DUSKI VAN FLEET|GUEST
I’ve been trying to get control of my temper since my husband and I were married. A day planned and interrupted by children with different agendas; a husband who needs my support instead of first offering his, longings unrealized; efforts unseen—all of this often leads me not to a dependent conversation with my Father, but to self-reliant angry outbursts demanding my desires be fulfilled.
A Battle with Anger
As I watch both of our children battle against the very same anger their parents both fight with, I feel afraid. I hear stories of friends who as children crawled into bed with a sibling or locked themselves in another room when their parents argued, and I want to take action, because this cannot be the story my children are going to tell. So, I read blogs and vow to change. I seek counsel from wise people who can give me a plan–something I can get started on today, something that will work. And whatever I settle on works for a little while, until it doesn’t. Failure. Shame. Condemnation. More resolutions. I’m right back where I started, and the cycle continues.
It happened again, at the end of a very long day with our young children, when my husband called on his way home from work and asked me how I was. I told him. And it wasn’t pretty. And when he got home I told him again. It was loud, it was thoughtless, and our kids witnessed it all. I almost believed the evil one again, but right on the verge of despair the Spirit was so gracious and reminded me of Romans 7-8, nudging me to read it out loud.
I read Paul’s words about his struggle with sin, how he wants to obey God’s commands but sin continues to trip him up, and a little spark of hope ignited in my heart when my son was able to understand how Paul’s struggles were so similar to ours. My daughter even shouted, “Jesus!” when I read the end of Romans 7, where Paul in essence asks, “Who will rescue me?” I was able to sit a little taller instead of hanging my head in shame. He really is working. He really is at work in me.
The Gospel and Anger
Our counselor and wise friends have often encouraged me with the truth that our kids will see the gospel lived out as they see us struggle with anger, repent to them and each other, and continue to wait for the Lord to change us. Over time, they will see us softening, growing slower to anger and more willing to wait in hope. They will see where a person struggling with chronic sin repeatedly goes for rescue, and it will hopefully feel normal, not shameful, for them to follow suit when they struggle as well. It requires a terrifying amount of faith to wait. I want it to end; I want to fix it…yesterday.
However, in Romans 8:3-4 (ESV), I see a much more freeing battle plan. “For God has done what the law, weakened by the flesh, could not do. By sending his own Son in the likeness of sinful flesh and for sin, he condemned sin in the flesh, in order that the righteous requirement of the law might be fulfilled in us, who walk not according to the flesh, but according to the Spirit.” The Message paraphrases it this way: “And now what the law code asked for but we couldn’t deliver is accomplished as we, instead of redoubling our own efforts simply embrace what the Spirit is doing in us.”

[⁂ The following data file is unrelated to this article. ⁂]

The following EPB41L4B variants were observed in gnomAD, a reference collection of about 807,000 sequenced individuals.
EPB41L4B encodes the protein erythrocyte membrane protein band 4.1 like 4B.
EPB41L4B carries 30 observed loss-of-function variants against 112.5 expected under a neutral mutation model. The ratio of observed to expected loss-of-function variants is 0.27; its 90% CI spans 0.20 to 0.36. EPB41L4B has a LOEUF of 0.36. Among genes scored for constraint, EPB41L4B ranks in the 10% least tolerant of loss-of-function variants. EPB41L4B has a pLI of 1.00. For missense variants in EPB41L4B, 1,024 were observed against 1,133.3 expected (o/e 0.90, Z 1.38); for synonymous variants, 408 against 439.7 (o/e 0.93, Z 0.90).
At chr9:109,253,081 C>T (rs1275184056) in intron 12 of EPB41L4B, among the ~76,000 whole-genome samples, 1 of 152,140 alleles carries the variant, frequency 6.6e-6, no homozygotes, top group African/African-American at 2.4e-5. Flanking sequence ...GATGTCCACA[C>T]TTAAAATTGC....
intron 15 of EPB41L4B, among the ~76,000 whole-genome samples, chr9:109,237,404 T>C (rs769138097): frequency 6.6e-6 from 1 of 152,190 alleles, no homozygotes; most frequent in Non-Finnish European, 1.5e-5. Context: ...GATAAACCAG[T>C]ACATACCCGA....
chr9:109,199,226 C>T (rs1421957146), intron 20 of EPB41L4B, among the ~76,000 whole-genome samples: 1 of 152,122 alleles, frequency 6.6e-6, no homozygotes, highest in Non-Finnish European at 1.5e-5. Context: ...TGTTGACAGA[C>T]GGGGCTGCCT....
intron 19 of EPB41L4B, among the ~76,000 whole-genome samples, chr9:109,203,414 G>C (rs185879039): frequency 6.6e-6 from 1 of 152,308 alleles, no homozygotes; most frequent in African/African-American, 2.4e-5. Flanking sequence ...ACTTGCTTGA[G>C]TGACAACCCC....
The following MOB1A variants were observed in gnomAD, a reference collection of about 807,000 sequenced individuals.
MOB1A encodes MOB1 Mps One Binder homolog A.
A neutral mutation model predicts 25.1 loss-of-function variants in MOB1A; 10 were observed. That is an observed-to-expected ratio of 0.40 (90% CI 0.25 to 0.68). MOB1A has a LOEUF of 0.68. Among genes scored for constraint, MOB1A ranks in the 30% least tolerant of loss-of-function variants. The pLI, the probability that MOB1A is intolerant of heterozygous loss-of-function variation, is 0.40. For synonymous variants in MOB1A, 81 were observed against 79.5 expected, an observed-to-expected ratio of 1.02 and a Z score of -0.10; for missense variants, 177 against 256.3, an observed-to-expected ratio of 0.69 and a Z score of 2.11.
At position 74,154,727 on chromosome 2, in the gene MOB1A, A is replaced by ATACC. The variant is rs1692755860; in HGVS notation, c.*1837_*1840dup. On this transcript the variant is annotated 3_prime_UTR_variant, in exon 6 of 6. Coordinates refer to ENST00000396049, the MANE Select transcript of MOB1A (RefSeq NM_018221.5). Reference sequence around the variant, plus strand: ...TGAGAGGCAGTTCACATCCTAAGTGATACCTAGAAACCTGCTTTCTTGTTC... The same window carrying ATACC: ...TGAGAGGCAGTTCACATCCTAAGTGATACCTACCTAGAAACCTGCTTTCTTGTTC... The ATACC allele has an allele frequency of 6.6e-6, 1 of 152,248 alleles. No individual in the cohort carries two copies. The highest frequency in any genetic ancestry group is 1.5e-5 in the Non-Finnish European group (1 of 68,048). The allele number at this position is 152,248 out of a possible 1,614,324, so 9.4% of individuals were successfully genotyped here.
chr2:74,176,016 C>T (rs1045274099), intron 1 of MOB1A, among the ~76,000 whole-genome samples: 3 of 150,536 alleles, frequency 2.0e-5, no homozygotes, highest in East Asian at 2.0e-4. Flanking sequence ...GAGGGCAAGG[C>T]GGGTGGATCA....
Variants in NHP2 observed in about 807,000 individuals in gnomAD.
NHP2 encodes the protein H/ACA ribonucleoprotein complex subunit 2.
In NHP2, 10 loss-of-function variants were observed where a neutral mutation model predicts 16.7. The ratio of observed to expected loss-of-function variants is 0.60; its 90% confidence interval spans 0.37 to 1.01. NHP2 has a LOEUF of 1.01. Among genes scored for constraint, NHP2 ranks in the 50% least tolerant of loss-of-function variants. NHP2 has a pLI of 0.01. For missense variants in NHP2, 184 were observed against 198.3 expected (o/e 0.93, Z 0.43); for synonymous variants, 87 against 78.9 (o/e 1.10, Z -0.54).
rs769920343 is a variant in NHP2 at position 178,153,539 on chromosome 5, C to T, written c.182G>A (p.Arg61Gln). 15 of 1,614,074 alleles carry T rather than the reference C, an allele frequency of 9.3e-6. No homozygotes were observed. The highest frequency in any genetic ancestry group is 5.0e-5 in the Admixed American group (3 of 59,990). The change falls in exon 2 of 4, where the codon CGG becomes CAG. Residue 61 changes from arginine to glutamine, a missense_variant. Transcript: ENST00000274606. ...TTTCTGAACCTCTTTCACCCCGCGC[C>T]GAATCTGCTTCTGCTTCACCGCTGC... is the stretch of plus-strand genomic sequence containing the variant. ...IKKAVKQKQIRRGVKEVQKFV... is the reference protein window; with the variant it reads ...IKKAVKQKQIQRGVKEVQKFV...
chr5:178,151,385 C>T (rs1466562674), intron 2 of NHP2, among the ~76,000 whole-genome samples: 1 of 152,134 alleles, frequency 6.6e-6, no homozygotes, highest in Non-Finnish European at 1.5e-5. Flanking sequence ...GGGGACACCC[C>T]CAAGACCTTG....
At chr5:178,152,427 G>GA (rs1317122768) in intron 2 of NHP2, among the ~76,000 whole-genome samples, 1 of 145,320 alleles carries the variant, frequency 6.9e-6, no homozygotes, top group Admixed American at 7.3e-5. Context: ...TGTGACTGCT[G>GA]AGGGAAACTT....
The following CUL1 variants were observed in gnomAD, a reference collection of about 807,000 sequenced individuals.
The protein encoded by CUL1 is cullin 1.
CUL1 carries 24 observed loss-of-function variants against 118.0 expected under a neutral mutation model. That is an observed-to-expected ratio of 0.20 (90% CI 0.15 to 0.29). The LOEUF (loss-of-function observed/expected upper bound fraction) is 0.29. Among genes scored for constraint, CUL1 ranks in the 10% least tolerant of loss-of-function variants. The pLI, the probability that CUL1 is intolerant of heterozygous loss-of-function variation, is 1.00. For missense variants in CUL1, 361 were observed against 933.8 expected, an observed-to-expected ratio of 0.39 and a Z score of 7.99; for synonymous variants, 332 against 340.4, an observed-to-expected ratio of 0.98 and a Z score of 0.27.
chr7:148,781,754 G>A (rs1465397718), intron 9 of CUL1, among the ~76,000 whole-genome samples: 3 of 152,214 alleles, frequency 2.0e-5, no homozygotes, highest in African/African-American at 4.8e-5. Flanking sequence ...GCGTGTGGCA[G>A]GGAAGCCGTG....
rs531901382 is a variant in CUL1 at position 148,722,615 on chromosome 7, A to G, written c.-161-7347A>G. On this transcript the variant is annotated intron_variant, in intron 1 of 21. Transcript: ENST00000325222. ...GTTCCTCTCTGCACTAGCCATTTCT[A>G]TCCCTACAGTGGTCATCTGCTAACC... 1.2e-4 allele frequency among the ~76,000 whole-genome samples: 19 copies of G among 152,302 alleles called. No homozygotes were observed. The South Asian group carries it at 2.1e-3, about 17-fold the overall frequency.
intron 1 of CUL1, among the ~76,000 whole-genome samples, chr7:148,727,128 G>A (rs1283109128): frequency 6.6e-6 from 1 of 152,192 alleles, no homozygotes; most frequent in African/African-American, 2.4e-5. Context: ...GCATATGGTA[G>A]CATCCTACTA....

Whew. So the deep healing from all of this mess comes not from just trying harder, but from surrendering to how he is changing us.
So, do I want more self-control over my anger? Of course! But, my hope cannot be in resolving to do better next time, to do what so-and-so blogger does to help reign in her anger, to get more accountability, or to attempt to change my own heart by reading that Scripture on gracious words one more time.
My hope is found in embracing what the Spirit is doing in me as I fight against evil and my flesh. My hope for our marriage is found in surrendering to the work he is doing in our hearts as we fight for good. I find hope for my kids in believing they will see more of Jesus as they watch their parents struggle with anger and fight to believe the gospel in front of them, and repent to them every time they fail, instead of trying to cover it up and make it look prettier themselves. There is beauty to be found in the courage and humility of repenting again (and again, and again, and again…) even though evil whispers it’s pointless, hypocritical, and shameful. It screams to our hearts and our children’s hearts that we believe the gospel is true, and there really is hope for people like us.
The Father changes hearts, and I’m watching him do it. It’s so painfully slow and often hard not to despair. But, I’m fighting for a different cycle….Failure. Repentance. Look to Jesus and believe he’s doing what I cannot, which will only spur me on and give me energy as I fight.
And I’m praying this is the story my children will tell.